Posted on Wednesday, May 25th, 2011 by Russ Fischer
Just hours ago Roberto Orci talked about having a 70-page outline for the Star Trek sequel which has been dated by Paramount for release on June 29, 2012, and that once J.J. Abrams agrees to direct the film, they’ll move forward into the script stage with all speed. That knowledge leads to a lot more questions than it answers. Germain asked some of them when he covered Roberto Orci’s statement, including one of the biggies: will the film be pushed back to allow for a longer production schedule?
We don’t have definitive word on that, but one report says that J.J. Abrams is finally about to announce that he’ll direct the sequel, even as opinions are starting to mount that Paramount will have to delay the film. Why might it be pushed back? Because finishing the script and pulling together the effects-heavy picture in time for the end of June next year could be detrimental to the result. No one wants another Revenge of the Fallen.
Deadline says with some authority what everyone is thinking: J.J. Abrams will soon say, “yes, I’m directing Star Trek 2.” But then there is the matter of the script: Roberto Orci, Alex Kurtzman and Damon Lindelof are writing, but all have had other stuff to deal with in the past few months. (Those being Cowboys & Aliens, Welcome to People and Prometheus, respectively.) So once a director to sign once and for all, there’s a script to finish and then all the work that follows from there.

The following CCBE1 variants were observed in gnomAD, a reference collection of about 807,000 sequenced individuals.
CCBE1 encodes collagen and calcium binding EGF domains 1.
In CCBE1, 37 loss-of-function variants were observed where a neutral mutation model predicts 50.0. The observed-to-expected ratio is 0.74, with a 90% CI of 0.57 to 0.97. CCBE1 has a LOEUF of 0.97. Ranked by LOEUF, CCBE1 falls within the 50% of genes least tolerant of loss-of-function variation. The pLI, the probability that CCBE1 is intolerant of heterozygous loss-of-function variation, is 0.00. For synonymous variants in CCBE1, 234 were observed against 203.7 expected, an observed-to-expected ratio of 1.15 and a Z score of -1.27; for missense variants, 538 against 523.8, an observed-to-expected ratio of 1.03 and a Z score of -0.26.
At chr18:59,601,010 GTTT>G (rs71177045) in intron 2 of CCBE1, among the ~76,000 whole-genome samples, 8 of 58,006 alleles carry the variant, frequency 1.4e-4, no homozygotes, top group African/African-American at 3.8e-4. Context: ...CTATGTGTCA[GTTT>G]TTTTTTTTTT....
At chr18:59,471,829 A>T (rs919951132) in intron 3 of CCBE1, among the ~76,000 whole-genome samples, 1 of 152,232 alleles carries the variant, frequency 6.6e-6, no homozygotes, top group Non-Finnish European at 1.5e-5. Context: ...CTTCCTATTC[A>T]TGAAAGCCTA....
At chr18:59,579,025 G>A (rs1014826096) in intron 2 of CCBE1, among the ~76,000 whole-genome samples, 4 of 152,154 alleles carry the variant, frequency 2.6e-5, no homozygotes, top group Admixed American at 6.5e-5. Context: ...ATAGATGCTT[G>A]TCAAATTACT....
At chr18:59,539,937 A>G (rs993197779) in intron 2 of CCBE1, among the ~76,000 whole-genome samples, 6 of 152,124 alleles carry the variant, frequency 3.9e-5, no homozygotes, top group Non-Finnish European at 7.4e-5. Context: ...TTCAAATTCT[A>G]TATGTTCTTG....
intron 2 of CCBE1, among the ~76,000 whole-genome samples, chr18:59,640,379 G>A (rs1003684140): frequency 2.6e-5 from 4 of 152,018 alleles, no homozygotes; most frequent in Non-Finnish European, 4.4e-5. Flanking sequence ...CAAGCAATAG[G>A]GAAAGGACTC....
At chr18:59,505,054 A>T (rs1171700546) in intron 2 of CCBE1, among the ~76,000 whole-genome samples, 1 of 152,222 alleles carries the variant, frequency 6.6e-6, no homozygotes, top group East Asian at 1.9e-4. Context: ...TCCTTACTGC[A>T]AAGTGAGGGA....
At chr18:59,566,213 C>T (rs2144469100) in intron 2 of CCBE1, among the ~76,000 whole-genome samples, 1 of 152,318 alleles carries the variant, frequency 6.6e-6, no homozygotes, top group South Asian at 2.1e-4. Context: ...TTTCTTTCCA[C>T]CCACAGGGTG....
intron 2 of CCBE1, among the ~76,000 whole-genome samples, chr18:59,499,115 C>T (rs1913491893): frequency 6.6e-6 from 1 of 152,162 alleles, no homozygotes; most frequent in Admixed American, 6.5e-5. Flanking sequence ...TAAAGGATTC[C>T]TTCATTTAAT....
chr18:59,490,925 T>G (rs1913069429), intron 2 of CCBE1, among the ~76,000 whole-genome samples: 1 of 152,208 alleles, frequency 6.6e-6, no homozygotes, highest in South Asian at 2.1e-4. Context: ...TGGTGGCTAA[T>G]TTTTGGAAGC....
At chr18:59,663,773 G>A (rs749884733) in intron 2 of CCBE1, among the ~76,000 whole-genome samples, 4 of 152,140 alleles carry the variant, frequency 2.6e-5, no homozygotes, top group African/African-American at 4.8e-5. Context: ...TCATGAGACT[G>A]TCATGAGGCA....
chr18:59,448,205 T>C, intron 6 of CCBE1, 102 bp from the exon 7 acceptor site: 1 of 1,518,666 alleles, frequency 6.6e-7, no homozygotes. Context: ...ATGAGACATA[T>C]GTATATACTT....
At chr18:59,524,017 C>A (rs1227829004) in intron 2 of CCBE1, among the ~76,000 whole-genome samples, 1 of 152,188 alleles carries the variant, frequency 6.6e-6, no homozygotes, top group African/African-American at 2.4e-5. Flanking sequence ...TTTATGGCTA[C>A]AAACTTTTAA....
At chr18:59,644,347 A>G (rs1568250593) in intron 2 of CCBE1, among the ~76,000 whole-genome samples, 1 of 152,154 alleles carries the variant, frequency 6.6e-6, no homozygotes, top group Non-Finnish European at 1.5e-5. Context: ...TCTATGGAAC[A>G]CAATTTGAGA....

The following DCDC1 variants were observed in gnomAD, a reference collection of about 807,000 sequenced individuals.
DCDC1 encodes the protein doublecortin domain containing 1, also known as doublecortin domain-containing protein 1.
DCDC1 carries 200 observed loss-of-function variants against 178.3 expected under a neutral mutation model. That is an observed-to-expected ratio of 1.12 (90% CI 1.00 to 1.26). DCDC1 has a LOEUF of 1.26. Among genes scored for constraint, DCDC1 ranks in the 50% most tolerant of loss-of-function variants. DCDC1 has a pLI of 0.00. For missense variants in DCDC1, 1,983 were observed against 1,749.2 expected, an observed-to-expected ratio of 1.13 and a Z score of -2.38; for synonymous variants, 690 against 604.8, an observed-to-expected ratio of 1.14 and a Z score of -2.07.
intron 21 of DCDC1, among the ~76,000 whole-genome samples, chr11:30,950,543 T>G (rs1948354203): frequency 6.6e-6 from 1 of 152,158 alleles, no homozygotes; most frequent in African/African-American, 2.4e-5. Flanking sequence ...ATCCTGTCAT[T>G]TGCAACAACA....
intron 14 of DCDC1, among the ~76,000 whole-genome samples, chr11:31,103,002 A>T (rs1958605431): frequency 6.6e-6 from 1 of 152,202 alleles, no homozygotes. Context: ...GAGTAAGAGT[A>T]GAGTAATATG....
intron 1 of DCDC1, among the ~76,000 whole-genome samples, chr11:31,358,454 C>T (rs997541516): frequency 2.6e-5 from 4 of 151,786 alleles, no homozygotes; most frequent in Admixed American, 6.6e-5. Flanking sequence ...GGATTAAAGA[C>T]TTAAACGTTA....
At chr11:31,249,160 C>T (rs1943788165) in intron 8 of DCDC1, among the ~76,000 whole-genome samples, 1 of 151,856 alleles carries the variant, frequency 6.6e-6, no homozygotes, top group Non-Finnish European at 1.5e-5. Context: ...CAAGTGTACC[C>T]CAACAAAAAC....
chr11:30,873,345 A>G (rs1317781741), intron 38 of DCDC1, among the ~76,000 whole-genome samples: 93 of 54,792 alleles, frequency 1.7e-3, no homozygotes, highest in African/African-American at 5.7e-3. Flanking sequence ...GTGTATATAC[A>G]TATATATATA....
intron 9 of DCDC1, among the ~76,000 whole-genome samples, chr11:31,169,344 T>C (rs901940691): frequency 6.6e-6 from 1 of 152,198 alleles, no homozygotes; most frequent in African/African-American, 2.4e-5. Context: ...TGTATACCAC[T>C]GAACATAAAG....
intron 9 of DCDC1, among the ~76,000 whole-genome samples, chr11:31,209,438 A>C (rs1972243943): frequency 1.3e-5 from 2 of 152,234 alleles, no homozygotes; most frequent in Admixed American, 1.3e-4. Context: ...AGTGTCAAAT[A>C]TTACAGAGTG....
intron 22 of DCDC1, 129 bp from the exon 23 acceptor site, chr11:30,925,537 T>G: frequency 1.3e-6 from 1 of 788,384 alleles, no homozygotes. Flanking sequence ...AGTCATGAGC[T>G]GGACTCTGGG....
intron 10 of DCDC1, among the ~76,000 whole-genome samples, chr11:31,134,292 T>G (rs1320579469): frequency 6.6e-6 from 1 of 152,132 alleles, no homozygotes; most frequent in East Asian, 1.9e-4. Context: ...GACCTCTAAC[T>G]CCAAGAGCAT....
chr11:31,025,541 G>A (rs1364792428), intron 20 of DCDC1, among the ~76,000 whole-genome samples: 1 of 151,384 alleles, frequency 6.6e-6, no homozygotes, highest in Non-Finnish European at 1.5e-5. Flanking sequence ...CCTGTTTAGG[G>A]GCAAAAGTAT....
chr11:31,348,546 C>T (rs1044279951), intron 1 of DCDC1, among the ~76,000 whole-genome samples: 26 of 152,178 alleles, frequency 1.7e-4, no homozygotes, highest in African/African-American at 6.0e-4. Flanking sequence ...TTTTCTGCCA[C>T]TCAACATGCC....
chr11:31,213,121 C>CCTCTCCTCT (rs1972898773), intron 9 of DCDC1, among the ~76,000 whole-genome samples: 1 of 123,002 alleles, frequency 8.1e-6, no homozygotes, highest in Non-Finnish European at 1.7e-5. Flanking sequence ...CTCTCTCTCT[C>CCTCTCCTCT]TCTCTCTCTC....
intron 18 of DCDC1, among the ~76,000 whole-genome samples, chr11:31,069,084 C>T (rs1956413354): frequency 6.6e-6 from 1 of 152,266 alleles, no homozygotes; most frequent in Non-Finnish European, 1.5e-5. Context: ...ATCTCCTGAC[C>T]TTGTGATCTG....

That’s where the question of a delay comes in. It seems likely that J.J. Abrams won’t officially sign for Trek 2 until right before or after the June 10 release of Super 8. (I won’t presume to know the backstage dealmaking that is going on, but the first ecstatic reviews for Super 8 can’t be weakening his negotiating position.) That leaves just 13 months to make Star Trek 2 happen.
It can be done — Matthew Vaughn made X-Men: First Class in eleven months despite many concerns from all corners, including ours — but turning that outline into a script seems like the bottleneck. The script for Star Trek was far from the strongest point of that film. Rather, the last outing was a wild success because it was skillfully cast and captured just the right tone. I’m hoping for a delay into the holiday 2012 season so that the script can be given the time it needs. But release dates are everything these days, especially for big movies, and so will Paramount agree?